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August 15th, 2008
02:25 PM ET

Shaken baby tragedy

By Dr. Sanjay Gupta
CNN Chief Medical Correspondent

A few years ago, a woman called me in the middle of the night to tell me her son-in-law had been taken to jail. This was a woman I knew pretty well, and I was stunned to hear the story she proceeded to tell me. Her grandchild (his daughter) had been found unconscious at the house and taken to the hospital. Doctors there quickly figured out the child had been shaken. Just a few months old, her little neck muscles had not been strong enough to stabilize her head, which in young children is relatively bigger with respect to their bodies. She developed a blood collection on her brain and shearing of small blood vessels deep inside. Ultimately, she never recovered; she died in her mother’s arms. The little girl’s dad had been the only one in the home and subsequently admitted to handling the child in a rough manner when she was persistently crying.

In a moment of anger, he had killed his child and essentially sentenced himself to imprisonment. As a dad, I can’t imagine the incredible grief he is still suffering today, so many years later. As a neurosurgeon, I have seen this story play out more times than I care to remember.

It is of little value to say that he didn’t mean it. He is a good man who made a terrible mistake. It did make me wonder, though, just how much are young parents equipped to be able to deal with babies and very young children. Most parents are shocked when I tell them the consequences of shaking a baby or handling the child in a rough manner. Add in a little immaturity, lack of necessary patience, and you literally have a prescription for disaster.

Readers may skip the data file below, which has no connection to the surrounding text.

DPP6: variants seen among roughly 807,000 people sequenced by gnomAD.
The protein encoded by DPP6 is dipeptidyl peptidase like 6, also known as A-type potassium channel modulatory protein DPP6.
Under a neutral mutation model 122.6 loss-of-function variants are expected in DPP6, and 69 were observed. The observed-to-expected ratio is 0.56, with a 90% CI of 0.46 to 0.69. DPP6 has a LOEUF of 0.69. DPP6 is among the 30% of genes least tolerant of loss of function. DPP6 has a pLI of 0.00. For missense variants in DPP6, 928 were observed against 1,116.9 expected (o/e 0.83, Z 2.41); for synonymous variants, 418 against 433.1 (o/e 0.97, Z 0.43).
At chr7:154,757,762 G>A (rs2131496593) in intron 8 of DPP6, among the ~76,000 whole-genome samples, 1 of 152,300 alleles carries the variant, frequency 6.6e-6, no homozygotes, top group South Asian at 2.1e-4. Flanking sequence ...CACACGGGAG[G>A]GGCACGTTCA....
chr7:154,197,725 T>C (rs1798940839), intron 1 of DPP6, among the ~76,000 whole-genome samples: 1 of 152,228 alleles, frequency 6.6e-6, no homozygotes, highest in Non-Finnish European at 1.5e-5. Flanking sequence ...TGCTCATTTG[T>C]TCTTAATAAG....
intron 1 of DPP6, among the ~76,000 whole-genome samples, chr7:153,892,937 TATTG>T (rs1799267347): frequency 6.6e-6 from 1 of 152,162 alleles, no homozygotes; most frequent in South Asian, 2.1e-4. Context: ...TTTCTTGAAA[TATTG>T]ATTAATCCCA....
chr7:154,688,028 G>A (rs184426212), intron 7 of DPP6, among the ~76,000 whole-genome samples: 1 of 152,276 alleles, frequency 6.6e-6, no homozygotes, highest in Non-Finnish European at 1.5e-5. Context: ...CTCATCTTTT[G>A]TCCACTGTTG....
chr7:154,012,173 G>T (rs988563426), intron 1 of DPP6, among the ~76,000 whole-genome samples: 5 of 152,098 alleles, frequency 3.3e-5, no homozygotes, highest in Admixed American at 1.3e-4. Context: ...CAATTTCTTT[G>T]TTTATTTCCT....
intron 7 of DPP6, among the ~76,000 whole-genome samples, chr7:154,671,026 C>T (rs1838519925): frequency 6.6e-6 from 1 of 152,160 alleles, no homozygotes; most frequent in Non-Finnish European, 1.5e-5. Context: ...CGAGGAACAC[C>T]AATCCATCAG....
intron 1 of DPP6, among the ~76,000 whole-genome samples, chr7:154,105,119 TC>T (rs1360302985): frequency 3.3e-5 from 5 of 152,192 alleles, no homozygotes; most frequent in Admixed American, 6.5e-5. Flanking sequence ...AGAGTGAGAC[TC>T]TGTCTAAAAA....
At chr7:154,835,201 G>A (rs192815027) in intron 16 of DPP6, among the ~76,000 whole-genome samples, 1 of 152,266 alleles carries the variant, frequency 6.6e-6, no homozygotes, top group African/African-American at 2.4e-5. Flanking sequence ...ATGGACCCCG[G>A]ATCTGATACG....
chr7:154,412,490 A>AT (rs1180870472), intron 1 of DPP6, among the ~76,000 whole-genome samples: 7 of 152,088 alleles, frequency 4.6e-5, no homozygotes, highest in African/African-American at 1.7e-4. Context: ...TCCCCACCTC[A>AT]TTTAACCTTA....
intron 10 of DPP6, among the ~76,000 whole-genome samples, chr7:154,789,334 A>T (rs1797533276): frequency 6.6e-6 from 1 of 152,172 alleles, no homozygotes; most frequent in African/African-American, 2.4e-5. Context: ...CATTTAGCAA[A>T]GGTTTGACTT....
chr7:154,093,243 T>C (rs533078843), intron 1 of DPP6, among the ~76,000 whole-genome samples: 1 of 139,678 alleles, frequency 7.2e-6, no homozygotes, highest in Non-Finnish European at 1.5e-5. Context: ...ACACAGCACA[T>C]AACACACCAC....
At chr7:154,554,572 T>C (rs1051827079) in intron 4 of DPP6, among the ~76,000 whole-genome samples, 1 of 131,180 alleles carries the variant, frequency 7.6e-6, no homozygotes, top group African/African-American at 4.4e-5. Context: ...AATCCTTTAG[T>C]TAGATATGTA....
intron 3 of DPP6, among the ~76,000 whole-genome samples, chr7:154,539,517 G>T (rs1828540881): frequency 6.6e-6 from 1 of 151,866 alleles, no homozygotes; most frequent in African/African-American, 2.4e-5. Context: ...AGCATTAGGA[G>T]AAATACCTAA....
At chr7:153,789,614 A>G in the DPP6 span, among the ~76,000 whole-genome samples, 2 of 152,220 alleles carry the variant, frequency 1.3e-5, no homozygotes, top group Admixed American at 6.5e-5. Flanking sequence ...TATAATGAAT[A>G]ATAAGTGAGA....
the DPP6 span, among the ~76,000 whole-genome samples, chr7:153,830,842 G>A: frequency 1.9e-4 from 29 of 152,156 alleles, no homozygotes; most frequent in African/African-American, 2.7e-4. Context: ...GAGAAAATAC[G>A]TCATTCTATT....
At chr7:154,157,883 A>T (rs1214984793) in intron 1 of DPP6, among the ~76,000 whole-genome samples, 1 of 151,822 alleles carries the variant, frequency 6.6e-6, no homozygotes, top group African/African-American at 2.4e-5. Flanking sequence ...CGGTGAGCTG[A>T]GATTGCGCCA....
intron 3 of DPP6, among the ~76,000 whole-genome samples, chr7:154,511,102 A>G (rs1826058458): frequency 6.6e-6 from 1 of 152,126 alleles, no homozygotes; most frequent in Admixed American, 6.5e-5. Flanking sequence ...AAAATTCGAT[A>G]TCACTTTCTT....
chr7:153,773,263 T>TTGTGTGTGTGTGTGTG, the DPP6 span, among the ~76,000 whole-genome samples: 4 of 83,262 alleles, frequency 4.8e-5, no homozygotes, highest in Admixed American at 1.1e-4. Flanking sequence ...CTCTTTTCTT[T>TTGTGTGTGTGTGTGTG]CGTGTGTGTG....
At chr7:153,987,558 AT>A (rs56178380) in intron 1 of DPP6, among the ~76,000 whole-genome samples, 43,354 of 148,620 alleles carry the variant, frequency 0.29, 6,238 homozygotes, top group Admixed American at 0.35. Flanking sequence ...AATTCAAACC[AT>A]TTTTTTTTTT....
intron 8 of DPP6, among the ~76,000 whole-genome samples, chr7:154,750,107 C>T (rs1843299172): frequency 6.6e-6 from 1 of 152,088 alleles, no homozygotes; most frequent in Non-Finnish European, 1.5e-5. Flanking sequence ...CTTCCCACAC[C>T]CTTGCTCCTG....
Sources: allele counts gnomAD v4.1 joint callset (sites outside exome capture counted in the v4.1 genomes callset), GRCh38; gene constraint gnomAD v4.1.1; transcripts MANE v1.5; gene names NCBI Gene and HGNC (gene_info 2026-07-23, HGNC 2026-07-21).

As you can read today (link to story), there are some relatively simple ways to prevent a fatal mistake. But, should we be doing more?

There are no instruction manuals when it comes to children, as there are with most other things in life.

Should there be a sort of “manual” and what sort of things should be in it? What would you put in a manual that goes home with new parents?

Editor's Note: Medical news is a popular but sensitive subject rooted in science. We receive many comments on this blog each day; not all are posted. Our hope is that much will be learned from the sharing of useful information and personal experiences based on the medical and health topics of the blog. We encourage you to focus your comments on those medical and health topics and we appreciate your input. Thank you for your participation.


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Get a behind-the-scenes look at the latest stories from CNN Chief Medical Correspondent, Dr. Sanjay Gupta, Senior Medical Correspondent Elizabeth Cohen and the CNN Medical Unit producers. They'll share news and views on health and medical trends - info that will help you take better care of yourself and the people you love.

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